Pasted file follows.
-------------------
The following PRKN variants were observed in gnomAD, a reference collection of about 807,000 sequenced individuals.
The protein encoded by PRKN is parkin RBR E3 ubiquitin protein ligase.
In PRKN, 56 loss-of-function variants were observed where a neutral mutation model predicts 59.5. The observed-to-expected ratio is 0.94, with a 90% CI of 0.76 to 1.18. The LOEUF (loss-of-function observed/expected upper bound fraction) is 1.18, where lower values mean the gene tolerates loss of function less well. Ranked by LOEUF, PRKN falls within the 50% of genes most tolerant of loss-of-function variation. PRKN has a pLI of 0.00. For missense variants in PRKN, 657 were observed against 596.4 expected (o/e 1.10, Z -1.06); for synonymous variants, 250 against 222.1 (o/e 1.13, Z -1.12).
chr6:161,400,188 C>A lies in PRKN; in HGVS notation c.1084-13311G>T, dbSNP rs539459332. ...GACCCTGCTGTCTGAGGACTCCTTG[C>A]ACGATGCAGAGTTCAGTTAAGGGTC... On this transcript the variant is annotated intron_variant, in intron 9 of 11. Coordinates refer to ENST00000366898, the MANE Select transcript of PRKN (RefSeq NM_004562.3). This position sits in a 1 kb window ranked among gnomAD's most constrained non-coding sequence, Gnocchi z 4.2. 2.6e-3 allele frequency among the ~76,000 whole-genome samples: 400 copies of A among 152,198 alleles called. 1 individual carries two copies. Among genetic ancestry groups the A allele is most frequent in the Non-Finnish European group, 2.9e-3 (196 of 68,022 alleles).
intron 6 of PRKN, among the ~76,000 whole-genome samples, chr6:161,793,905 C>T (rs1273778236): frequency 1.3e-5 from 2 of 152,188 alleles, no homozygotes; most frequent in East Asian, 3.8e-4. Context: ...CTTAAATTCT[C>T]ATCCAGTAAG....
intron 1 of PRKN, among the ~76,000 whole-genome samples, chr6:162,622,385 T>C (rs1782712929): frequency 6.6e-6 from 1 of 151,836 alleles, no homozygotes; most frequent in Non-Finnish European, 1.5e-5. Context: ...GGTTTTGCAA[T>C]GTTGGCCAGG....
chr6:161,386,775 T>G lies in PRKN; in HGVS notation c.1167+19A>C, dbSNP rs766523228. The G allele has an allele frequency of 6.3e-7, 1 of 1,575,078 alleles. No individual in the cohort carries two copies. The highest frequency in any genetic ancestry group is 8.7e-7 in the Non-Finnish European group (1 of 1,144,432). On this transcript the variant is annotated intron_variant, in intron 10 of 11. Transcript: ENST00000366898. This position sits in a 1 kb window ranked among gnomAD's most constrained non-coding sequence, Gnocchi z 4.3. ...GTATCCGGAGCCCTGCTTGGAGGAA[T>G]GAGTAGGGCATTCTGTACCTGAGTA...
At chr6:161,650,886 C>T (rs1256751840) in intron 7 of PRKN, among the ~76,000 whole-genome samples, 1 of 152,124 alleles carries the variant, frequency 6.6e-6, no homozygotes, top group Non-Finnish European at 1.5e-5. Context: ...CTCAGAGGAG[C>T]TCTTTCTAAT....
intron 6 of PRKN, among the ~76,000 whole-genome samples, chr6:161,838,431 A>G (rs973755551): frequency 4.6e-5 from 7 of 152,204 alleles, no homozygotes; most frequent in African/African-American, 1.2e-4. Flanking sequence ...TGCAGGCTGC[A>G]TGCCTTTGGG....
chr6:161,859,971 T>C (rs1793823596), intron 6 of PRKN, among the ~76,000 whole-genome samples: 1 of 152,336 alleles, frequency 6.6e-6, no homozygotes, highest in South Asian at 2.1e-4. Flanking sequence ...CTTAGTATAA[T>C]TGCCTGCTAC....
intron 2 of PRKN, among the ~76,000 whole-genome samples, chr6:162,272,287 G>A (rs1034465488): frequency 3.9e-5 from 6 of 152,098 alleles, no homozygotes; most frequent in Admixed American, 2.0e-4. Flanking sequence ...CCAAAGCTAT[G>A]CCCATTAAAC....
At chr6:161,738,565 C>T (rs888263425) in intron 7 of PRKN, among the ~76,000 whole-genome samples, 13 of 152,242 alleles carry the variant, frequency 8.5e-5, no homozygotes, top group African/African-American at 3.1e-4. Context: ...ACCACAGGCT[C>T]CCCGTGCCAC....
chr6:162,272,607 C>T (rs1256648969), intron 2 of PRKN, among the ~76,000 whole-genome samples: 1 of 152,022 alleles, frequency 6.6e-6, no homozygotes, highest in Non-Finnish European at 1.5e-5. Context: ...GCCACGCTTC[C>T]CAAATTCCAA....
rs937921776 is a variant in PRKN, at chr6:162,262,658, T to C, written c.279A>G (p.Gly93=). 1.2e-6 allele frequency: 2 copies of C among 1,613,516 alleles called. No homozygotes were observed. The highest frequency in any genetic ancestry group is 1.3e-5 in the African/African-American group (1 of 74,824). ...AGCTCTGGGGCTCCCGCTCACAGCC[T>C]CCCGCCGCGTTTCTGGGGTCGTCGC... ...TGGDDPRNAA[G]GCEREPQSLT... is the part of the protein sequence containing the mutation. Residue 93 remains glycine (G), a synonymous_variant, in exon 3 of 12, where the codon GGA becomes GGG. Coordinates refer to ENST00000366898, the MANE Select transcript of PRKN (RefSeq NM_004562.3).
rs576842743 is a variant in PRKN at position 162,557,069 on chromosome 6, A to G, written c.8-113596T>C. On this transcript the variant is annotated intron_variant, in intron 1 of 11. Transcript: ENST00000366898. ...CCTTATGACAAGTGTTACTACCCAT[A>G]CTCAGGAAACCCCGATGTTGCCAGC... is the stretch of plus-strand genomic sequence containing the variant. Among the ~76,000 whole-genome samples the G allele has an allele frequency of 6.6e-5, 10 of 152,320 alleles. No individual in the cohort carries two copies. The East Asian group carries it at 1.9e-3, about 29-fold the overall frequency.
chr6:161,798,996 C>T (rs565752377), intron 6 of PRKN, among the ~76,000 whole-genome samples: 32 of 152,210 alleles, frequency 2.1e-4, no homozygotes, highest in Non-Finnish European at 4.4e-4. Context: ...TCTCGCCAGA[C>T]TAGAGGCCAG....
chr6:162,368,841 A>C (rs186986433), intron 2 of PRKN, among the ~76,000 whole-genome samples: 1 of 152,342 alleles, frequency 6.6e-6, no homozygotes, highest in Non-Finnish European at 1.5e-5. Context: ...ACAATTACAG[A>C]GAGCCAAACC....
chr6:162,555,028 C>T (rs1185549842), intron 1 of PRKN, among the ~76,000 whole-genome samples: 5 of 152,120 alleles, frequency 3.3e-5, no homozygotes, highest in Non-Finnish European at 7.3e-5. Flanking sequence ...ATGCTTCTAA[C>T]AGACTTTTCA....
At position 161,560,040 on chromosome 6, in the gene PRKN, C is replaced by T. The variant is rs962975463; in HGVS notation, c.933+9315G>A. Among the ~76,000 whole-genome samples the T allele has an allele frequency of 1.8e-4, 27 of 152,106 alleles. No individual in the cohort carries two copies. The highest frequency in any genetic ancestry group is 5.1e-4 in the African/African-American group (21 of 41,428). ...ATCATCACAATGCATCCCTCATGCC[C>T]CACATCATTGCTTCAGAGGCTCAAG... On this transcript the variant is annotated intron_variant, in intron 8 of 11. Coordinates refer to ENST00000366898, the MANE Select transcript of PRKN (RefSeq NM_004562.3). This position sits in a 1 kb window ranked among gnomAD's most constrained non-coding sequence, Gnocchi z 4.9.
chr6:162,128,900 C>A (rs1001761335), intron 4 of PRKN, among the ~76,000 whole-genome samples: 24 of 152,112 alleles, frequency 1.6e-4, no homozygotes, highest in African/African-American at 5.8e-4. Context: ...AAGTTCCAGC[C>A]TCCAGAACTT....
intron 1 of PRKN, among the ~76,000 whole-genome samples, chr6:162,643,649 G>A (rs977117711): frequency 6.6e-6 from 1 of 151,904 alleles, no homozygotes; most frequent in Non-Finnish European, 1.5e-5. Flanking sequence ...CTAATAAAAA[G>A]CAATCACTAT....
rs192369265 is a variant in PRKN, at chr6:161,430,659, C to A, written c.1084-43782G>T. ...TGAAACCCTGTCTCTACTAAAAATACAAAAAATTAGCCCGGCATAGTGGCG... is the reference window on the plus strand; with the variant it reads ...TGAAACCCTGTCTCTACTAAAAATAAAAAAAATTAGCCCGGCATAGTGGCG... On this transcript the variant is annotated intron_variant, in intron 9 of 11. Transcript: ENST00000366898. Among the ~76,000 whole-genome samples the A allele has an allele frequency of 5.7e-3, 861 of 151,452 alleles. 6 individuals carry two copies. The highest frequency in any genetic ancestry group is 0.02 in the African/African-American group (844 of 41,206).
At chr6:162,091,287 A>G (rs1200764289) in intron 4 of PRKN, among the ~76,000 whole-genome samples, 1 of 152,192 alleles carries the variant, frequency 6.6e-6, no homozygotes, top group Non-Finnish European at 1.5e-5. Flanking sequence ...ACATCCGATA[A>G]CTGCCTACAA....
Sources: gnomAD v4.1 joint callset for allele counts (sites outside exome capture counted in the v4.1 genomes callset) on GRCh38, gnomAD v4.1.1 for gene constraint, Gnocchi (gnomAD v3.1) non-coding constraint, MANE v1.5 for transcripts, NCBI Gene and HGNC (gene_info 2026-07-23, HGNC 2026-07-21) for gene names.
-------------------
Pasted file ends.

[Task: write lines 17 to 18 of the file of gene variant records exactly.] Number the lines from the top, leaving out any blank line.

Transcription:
chr6:162,368,841 A>C (rs186986433), intron 2 of PRKN, among the ~76,000 whole-genome samples: 1 of 152,342 alleles, frequency 6.6e-6, no homozygotes, highest in Non-Finnish European at 1.5e-5. Context: ...ACAATTACAG[A>C]GAGCCAAACC....
chr6:162,555,028 C>T (rs1185549842), intron 1 of PRKN, among the ~76,000 whole-genome samples: 5 of 152,120 alleles, frequency 3.3e-5, no homozygotes, highest in Non-Finnish European at 7.3e-5. Flanking sequence ...ATGCTTCTAA[C>T]AGACTTTTCA....